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Disclosing vulnerabilities to protect users across platforms

On Wednesday, February 27th, we reported two 0-day vulnerabilities — previously publicly-unknown vulnerabilities — one affecting Google Chrome and another in Microsoft Windows that were being exploited together.

To remediate the Chrome vulnerability (CVE-2019-5786), Google released an update for all Chrome platforms on March 1; this update was pushed through Chrome auto-update. We encourage users to verify that Chrome auto-update has already updated Chrome to 72.0.3626.121 or later.

The second vulnerability was in Microsoft Windows. It is a local privilege escalation in the Windows win32k.sys kernel driver that can be used as a security sandbox escape. The vulnerability is a NULL pointer dereference in win32k!MNGetpItemFromIndex when NtUserMNDragOver() system call is called under specific circumstances.

We strongly believe this vulnerability may only be exploitable on Windows 7 due to recent exploit mitigations added in newer versions of Windows. To date, we have only observed active exploitation against Windows 7 32-bit systems.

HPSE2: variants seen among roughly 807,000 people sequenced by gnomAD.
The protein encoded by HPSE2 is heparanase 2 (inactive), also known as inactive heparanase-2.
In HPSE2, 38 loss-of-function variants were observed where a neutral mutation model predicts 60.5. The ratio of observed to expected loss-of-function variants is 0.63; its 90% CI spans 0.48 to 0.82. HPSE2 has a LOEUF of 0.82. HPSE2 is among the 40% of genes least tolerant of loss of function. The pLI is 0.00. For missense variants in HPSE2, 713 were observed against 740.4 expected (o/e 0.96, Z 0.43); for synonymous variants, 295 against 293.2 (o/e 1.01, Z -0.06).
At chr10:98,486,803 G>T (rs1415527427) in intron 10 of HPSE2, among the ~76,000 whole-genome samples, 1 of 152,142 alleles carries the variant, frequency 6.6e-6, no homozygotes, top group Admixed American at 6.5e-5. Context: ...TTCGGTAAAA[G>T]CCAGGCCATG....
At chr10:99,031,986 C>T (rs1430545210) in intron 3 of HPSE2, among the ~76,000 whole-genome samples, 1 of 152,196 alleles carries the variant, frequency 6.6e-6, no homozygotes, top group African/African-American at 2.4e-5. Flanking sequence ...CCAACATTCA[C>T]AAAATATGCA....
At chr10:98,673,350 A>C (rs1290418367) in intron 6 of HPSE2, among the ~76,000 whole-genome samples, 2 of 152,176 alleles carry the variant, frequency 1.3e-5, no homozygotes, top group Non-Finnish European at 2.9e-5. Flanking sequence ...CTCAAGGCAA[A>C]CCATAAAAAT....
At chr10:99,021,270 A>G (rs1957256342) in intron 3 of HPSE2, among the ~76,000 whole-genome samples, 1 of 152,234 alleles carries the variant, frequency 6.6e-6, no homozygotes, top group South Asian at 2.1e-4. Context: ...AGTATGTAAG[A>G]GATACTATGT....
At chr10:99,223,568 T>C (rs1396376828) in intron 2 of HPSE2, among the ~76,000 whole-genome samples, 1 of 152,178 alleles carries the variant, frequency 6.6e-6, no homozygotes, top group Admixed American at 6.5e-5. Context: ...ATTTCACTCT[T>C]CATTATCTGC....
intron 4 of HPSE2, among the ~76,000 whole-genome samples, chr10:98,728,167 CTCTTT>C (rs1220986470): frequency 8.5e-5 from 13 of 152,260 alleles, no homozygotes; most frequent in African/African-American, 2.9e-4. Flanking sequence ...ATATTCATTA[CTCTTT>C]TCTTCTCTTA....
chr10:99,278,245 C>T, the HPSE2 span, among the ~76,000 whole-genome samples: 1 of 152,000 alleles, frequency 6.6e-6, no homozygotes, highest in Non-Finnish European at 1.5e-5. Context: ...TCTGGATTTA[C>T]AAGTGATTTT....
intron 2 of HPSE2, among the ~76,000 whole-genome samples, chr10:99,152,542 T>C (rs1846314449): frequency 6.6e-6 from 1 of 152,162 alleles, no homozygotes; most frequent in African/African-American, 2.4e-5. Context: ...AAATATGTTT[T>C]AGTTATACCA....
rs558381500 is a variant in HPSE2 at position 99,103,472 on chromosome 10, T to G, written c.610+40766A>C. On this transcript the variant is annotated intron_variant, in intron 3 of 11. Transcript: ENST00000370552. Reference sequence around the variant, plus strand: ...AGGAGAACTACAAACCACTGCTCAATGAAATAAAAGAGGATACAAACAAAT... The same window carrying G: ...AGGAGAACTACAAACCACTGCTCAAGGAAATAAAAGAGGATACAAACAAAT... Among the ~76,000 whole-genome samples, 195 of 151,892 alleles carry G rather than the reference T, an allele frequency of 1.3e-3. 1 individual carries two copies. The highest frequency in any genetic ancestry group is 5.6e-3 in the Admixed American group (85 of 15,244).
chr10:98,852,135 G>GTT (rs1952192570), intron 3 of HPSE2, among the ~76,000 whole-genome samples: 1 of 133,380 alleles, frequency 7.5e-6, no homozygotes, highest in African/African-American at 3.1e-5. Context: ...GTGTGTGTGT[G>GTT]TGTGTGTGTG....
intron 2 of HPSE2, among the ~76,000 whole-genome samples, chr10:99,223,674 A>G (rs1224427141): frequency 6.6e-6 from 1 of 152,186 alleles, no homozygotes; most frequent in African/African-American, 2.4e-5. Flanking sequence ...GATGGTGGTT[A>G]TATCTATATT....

Pursuant to Google’s vulnerability disclosure policy, when we discovered the vulnerability we reported it to Microsoft. Today, also in compliance with our policy, we are publicly disclosing its existence, because it is a serious vulnerability in Windows that we know was being actively exploited in targeted attacks. The unpatched Windows vulnerability can still be used to elevate privileges or combined with another browser vulnerability to evade security sandboxes. Microsoft have told us they are working on a fix.

As mitigation advice for this vulnerability users should consider upgrading to Windows 10 if they are still running an older version of Windows, and to apply Windows patches from Microsoft when they become available. We will update this post when they are available.

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